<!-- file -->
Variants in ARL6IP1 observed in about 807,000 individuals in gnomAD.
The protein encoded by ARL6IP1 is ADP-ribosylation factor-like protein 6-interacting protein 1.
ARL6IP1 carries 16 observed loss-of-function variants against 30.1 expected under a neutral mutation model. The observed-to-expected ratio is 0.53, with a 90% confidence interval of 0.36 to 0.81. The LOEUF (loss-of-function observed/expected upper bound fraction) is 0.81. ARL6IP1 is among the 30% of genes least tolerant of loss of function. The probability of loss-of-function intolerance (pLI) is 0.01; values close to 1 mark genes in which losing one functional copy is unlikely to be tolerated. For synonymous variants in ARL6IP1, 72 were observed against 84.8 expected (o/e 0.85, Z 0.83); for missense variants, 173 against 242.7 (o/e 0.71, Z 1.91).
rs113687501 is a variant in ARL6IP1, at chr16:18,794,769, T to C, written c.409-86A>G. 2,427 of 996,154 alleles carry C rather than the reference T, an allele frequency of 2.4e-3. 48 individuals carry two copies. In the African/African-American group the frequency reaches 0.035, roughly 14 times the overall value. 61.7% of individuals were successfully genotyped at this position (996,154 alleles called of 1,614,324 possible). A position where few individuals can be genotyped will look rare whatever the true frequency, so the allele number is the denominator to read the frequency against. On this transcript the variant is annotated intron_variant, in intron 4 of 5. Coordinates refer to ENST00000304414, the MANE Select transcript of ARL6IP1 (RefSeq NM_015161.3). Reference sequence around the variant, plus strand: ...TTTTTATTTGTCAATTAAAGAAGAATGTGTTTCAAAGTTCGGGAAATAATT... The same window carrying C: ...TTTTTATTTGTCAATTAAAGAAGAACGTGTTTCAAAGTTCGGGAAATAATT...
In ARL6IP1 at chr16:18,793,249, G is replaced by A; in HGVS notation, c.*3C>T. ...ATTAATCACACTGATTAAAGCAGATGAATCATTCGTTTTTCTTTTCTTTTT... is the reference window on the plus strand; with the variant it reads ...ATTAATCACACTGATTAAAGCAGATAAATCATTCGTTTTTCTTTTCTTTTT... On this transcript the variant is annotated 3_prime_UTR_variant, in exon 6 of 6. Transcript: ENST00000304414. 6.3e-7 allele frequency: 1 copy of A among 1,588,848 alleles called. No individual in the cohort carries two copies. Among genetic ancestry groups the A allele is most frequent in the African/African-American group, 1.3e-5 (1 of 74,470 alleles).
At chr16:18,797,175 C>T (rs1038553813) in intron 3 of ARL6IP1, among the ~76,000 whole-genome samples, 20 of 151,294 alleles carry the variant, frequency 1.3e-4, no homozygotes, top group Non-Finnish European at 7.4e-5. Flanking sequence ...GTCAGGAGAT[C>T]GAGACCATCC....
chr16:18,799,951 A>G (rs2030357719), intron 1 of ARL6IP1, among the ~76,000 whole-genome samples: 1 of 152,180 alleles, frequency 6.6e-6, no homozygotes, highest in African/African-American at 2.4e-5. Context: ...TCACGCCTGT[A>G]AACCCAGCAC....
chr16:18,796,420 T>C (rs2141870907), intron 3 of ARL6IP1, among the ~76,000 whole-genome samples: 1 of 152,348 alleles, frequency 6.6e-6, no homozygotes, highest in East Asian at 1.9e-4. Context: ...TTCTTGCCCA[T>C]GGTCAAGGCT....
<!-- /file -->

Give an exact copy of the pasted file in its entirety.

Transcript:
Variants in ARL6IP1 observed in about 807,000 individuals in gnomAD.
The protein encoded by ARL6IP1 is ADP-ribosylation factor-like protein 6-interacting protein 1.
ARL6IP1 carries 16 observed loss-of-function variants against 30.1 expected under a neutral mutation model. The observed-to-expected ratio is 0.53, with a 90% confidence interval of 0.36 to 0.81. The LOEUF (loss-of-function observed/expected upper bound fraction) is 0.81. ARL6IP1 is among the 30% of genes least tolerant of loss of function. The probability of loss-of-function intolerance (pLI) is 0.01; values close to 1 mark genes in which losing one functional copy is unlikely to be tolerated. For synonymous variants in ARL6IP1, 72 were observed against 84.8 expected (o/e 0.85, Z 0.83); for missense variants, 173 against 242.7 (o/e 0.71, Z 1.91).
rs113687501 is a variant in ARL6IP1, at chr16:18,794,769, T to C, written c.409-86A>G. 2,427 of 996,154 alleles carry C rather than the reference T, an allele frequency of 2.4e-3. 48 individuals carry two copies. In the African/African-American group the frequency reaches 0.035, roughly 14 times the overall value. 61.7% of individuals were successfully genotyped at this position (996,154 alleles called of 1,614,324 possible). A position where few individuals can be genotyped will look rare whatever the true frequency, so the allele number is the denominator to read the frequency against. On this transcript the variant is annotated intron_variant, in intron 4 of 5. Coordinates refer to ENST00000304414, the MANE Select transcript of ARL6IP1 (RefSeq NM_015161.3). Reference sequence around the variant, plus strand: ...TTTTTATTTGTCAATTAAAGAAGAATGTGTTTCAAAGTTCGGGAAATAATT... The same window carrying C: ...TTTTTATTTGTCAATTAAAGAAGAACGTGTTTCAAAGTTCGGGAAATAATT...
In ARL6IP1 at chr16:18,793,249, G is replaced by A; in HGVS notation, c.*3C>T. ...ATTAATCACACTGATTAAAGCAGATGAATCATTCGTTTTTCTTTTCTTTTT... is the reference window on the plus strand; with the variant it reads ...ATTAATCACACTGATTAAAGCAGATAAATCATTCGTTTTTCTTTTCTTTTT... On this transcript the variant is annotated 3_prime_UTR_variant, in exon 6 of 6. Transcript: ENST00000304414. 6.3e-7 allele frequency: 1 copy of A among 1,588,848 alleles called. No individual in the cohort carries two copies. Among genetic ancestry groups the A allele is most frequent in the African/African-American group, 1.3e-5 (1 of 74,470 alleles).
At chr16:18,797,175 C>T (rs1038553813) in intron 3 of ARL6IP1, among the ~76,000 whole-genome samples, 20 of 151,294 alleles carry the variant, frequency 1.3e-4, no homozygotes, top group Non-Finnish European at 7.4e-5. Flanking sequence ...GTCAGGAGAT[C>T]GAGACCATCC....
chr16:18,799,951 A>G (rs2030357719), intron 1 of ARL6IP1, among the ~76,000 whole-genome samples: 1 of 152,180 alleles, frequency 6.6e-6, no homozygotes, highest in African/African-American at 2.4e-5. Context: ...TCACGCCTGT[A>G]AACCCAGCAC....
chr16:18,796,420 T>C (rs2141870907), intron 3 of ARL6IP1, among the ~76,000 whole-genome samples: 1 of 152,348 alleles, frequency 6.6e-6, no homozygotes, highest in East Asian at 1.9e-4. Context: ...TTCTTGCCCA[T>C]GGTCAAGGCT....